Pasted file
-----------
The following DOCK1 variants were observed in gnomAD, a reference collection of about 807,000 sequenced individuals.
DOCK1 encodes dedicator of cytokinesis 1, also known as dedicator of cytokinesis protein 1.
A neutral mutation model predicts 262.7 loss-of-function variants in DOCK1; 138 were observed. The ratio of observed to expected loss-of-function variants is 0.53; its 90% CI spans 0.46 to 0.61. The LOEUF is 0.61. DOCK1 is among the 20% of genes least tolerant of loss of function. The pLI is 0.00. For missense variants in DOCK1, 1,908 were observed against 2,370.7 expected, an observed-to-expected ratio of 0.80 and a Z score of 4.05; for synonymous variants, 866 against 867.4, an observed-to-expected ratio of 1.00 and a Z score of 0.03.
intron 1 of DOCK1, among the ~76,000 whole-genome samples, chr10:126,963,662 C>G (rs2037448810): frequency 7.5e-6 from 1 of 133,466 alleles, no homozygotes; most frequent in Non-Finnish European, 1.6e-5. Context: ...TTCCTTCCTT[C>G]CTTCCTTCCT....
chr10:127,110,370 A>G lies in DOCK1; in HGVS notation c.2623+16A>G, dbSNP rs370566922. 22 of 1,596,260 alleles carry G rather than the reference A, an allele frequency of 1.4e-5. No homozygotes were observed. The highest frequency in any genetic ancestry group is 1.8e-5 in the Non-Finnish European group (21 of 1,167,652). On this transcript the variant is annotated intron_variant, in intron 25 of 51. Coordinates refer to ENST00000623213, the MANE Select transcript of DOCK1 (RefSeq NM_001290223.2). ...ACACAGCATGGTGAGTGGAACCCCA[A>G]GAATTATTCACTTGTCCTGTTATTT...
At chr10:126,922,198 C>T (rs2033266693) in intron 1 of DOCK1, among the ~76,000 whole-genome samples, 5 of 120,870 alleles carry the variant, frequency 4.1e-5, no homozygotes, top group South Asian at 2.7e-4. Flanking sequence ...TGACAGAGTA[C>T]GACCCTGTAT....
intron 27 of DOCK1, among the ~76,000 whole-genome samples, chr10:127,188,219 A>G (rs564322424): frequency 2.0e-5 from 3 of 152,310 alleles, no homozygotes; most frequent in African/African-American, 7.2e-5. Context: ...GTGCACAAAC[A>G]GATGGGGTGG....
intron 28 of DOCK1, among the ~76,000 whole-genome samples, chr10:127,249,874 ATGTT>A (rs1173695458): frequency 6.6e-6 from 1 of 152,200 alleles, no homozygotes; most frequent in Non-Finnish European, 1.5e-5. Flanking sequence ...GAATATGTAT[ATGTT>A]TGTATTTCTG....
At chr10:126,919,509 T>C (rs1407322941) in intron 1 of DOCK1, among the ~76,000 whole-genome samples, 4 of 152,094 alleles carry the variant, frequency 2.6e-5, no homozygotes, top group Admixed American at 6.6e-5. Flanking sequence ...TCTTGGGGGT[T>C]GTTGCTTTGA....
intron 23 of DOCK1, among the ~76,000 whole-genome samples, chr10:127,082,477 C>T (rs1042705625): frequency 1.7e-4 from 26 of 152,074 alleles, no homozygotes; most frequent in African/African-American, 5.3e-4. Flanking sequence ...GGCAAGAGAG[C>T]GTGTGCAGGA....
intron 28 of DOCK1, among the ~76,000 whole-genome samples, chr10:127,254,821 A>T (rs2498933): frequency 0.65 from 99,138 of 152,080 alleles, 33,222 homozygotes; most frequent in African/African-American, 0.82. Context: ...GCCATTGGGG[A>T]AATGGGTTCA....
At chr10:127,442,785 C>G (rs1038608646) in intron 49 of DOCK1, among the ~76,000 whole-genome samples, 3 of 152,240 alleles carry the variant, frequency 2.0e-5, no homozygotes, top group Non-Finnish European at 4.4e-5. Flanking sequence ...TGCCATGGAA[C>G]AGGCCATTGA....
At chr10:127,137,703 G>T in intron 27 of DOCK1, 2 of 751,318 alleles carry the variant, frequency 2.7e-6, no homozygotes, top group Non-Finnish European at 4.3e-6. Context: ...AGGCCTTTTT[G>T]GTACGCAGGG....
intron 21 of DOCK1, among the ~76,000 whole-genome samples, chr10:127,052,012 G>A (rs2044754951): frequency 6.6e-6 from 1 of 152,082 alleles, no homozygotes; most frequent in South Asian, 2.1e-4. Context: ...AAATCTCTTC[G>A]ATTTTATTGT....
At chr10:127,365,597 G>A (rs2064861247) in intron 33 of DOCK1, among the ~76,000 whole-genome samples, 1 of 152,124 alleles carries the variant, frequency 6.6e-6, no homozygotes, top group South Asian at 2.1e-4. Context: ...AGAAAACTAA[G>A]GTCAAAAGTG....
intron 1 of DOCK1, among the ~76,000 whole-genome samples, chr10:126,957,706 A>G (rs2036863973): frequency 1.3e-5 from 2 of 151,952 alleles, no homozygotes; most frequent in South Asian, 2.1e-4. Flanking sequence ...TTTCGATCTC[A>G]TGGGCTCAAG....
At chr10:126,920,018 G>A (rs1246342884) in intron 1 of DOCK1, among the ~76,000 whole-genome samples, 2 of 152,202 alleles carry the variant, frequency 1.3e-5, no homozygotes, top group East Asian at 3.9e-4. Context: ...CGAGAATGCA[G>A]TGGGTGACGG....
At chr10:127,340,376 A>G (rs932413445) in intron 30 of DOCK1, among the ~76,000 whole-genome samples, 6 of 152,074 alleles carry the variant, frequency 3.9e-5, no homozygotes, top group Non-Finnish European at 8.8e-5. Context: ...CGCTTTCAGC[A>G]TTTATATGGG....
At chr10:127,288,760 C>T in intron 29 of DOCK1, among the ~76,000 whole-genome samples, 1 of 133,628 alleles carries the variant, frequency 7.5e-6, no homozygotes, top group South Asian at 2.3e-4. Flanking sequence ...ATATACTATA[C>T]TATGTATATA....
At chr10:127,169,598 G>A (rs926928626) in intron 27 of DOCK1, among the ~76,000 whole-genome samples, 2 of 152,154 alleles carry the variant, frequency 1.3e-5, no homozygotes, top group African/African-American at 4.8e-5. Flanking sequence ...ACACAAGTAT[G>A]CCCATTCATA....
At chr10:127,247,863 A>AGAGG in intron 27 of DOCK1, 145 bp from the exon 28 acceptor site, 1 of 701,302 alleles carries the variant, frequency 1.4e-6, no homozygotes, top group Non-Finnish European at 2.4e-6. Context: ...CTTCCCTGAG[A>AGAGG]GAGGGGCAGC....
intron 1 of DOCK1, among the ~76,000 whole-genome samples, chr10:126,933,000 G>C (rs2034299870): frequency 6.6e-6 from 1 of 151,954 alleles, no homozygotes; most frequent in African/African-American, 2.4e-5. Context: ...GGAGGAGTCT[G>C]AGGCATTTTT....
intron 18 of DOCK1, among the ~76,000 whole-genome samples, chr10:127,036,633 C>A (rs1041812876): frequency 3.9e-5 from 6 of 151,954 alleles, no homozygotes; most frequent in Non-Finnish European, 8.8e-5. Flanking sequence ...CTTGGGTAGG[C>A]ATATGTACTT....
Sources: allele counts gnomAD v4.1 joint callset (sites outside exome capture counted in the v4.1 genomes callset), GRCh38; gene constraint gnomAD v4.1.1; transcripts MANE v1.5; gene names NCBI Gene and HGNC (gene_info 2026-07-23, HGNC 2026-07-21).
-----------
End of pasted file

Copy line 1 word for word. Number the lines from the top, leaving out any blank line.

The following DOCK1 variants were observed in gnomAD, a reference collection of about 807,000 sequenced individuals.